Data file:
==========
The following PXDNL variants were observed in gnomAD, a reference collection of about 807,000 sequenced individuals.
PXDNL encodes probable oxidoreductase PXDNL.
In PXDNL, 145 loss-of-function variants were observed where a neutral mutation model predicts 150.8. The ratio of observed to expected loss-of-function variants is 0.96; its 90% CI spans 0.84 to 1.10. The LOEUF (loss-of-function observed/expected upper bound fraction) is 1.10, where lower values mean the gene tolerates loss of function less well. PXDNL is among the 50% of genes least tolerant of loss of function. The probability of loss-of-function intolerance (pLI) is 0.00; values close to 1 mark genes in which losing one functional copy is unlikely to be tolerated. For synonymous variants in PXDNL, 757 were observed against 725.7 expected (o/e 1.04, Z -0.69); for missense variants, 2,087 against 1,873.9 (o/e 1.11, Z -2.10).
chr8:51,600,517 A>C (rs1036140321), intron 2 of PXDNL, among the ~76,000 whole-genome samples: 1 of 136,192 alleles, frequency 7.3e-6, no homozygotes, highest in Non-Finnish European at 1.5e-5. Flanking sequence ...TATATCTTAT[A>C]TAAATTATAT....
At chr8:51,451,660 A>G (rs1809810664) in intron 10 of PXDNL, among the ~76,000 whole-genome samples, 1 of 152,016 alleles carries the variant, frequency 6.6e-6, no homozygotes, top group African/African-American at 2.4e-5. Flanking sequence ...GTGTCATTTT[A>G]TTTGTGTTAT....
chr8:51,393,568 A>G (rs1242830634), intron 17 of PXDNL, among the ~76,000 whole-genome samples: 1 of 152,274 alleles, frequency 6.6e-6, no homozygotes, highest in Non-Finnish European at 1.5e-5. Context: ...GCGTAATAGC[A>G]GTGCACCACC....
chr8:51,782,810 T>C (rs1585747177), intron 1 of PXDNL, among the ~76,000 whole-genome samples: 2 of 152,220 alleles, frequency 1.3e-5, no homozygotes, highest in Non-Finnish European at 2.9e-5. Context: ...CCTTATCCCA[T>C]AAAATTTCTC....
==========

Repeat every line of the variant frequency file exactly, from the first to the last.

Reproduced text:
The following PXDNL variants were observed in gnomAD, a reference collection of about 807,000 sequenced individuals.
PXDNL encodes probable oxidoreductase PXDNL.
In PXDNL, 145 loss-of-function variants were observed where a neutral mutation model predicts 150.8. The ratio of observed to expected loss-of-function variants is 0.96; its 90% CI spans 0.84 to 1.10. The LOEUF (loss-of-function observed/expected upper bound fraction) is 1.10, where lower values mean the gene tolerates loss of function less well. PXDNL is among the 50% of genes least tolerant of loss of function. The probability of loss-of-function intolerance (pLI) is 0.00; values close to 1 mark genes in which losing one functional copy is unlikely to be tolerated. For synonymous variants in PXDNL, 757 were observed against 725.7 expected (o/e 1.04, Z -0.69); for missense variants, 2,087 against 1,873.9 (o/e 1.11, Z -2.10).
chr8:51,600,517 A>C (rs1036140321), intron 2 of PXDNL, among the ~76,000 whole-genome samples: 1 of 136,192 alleles, frequency 7.3e-6, no homozygotes, highest in Non-Finnish European at 1.5e-5. Flanking sequence ...TATATCTTAT[A>C]TAAATTATAT....
At chr8:51,451,660 A>G (rs1809810664) in intron 10 of PXDNL, among the ~76,000 whole-genome samples, 1 of 152,016 alleles carries the variant, frequency 6.6e-6, no homozygotes, top group African/African-American at 2.4e-5. Flanking sequence ...GTGTCATTTT[A>G]TTTGTGTTAT....
chr8:51,393,568 A>G (rs1242830634), intron 17 of PXDNL, among the ~76,000 whole-genome samples: 1 of 152,274 alleles, frequency 6.6e-6, no homozygotes, highest in Non-Finnish European at 1.5e-5. Context: ...GCGTAATAGC[A>G]GTGCACCACC....
chr8:51,782,810 T>C (rs1585747177), intron 1 of PXDNL, among the ~76,000 whole-genome samples: 2 of 152,220 alleles, frequency 1.3e-5, no homozygotes, highest in Non-Finnish European at 2.9e-5. Context: ...CCTTATCCCA[T>C]AAAATTTCTC....